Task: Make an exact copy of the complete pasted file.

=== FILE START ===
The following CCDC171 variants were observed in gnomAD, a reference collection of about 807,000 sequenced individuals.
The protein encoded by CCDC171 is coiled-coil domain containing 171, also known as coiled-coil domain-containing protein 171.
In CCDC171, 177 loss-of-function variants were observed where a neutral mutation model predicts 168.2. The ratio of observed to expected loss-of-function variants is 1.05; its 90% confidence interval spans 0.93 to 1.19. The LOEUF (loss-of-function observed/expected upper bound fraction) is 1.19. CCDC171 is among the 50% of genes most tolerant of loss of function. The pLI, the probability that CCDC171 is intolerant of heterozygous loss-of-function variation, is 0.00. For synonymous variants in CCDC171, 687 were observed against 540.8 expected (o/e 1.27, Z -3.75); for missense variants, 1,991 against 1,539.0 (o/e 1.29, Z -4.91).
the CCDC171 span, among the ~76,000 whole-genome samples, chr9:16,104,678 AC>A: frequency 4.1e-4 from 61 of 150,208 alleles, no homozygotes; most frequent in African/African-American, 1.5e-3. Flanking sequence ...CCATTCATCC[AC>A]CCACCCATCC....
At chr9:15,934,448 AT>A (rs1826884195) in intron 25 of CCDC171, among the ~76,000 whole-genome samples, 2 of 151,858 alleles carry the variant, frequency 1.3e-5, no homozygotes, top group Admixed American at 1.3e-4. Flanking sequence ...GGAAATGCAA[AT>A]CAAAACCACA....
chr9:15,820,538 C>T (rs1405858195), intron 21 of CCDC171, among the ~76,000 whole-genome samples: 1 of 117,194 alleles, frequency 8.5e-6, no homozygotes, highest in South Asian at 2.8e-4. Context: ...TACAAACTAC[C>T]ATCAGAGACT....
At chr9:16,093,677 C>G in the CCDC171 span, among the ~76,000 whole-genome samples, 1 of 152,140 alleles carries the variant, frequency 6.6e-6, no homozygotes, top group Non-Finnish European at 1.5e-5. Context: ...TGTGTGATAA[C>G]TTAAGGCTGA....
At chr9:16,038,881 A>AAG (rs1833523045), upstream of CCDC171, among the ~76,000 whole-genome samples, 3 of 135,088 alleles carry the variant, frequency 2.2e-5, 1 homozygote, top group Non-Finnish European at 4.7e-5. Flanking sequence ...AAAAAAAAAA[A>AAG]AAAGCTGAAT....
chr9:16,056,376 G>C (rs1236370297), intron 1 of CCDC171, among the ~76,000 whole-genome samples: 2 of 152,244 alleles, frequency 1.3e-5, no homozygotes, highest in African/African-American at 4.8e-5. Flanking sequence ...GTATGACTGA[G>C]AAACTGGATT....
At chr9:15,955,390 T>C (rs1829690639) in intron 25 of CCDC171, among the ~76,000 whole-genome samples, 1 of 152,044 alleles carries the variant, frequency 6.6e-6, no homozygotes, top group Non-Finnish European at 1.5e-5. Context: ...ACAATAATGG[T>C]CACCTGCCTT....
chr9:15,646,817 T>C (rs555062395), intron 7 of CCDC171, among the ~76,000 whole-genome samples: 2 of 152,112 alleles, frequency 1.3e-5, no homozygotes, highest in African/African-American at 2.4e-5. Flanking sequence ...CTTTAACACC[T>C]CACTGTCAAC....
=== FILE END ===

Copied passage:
The following CCDC171 variants were observed in gnomAD, a reference collection of about 807,000 sequenced individuals.
The protein encoded by CCDC171 is coiled-coil domain containing 171, also known as coiled-coil domain-containing protein 171.
In CCDC171, 177 loss-of-function variants were observed where a neutral mutation model predicts 168.2. The ratio of observed to expected loss-of-function variants is 1.05; its 90% confidence interval spans 0.93 to 1.19. The LOEUF (loss-of-function observed/expected upper bound fraction) is 1.19. CCDC171 is among the 50% of genes most tolerant of loss of function. The pLI, the probability that CCDC171 is intolerant of heterozygous loss-of-function variation, is 0.00. For synonymous variants in CCDC171, 687 were observed against 540.8 expected (o/e 1.27, Z -3.75); for missense variants, 1,991 against 1,539.0 (o/e 1.29, Z -4.91).
the CCDC171 span, among the ~76,000 whole-genome samples, chr9:16,104,678 AC>A: frequency 4.1e-4 from 61 of 150,208 alleles, no homozygotes; most frequent in African/African-American, 1.5e-3. Flanking sequence ...CCATTCATCC[AC>A]CCACCCATCC....
At chr9:15,934,448 AT>A (rs1826884195) in intron 25 of CCDC171, among the ~76,000 whole-genome samples, 2 of 151,858 alleles carry the variant, frequency 1.3e-5, no homozygotes, top group Admixed American at 1.3e-4. Flanking sequence ...GGAAATGCAA[AT>A]CAAAACCACA....
chr9:15,820,538 C>T (rs1405858195), intron 21 of CCDC171, among the ~76,000 whole-genome samples: 1 of 117,194 alleles, frequency 8.5e-6, no homozygotes, highest in South Asian at 2.8e-4. Context: ...TACAAACTAC[C>T]ATCAGAGACT....
At chr9:16,093,677 C>G in the CCDC171 span, among the ~76,000 whole-genome samples, 1 of 152,140 alleles carries the variant, frequency 6.6e-6, no homozygotes, top group Non-Finnish European at 1.5e-5. Context: ...TGTGTGATAA[C>G]TTAAGGCTGA....
At chr9:16,038,881 A>AAG (rs1833523045), upstream of CCDC171, among the ~76,000 whole-genome samples, 3 of 135,088 alleles carry the variant, frequency 2.2e-5, 1 homozygote, top group Non-Finnish European at 4.7e-5. Flanking sequence ...AAAAAAAAAA[A>AAG]AAAGCTGAAT....
chr9:16,056,376 G>C (rs1236370297), intron 1 of CCDC171, among the ~76,000 whole-genome samples: 2 of 152,244 alleles, frequency 1.3e-5, no homozygotes, highest in African/African-American at 4.8e-5. Flanking sequence ...GTATGACTGA[G>C]AAACTGGATT....
At chr9:15,955,390 T>C (rs1829690639) in intron 25 of CCDC171, among the ~76,000 whole-genome samples, 1 of 152,044 alleles carries the variant, frequency 6.6e-6, no homozygotes, top group Non-Finnish European at 1.5e-5. Context: ...ACAATAATGG[T>C]CACCTGCCTT....
chr9:15,646,817 T>C (rs555062395), intron 7 of CCDC171, among the ~76,000 whole-genome samples: 2 of 152,112 alleles, frequency 1.3e-5, no homozygotes, highest in African/African-American at 2.4e-5. Flanking sequence ...CTTTAACACC[T>C]CACTGTCAAC....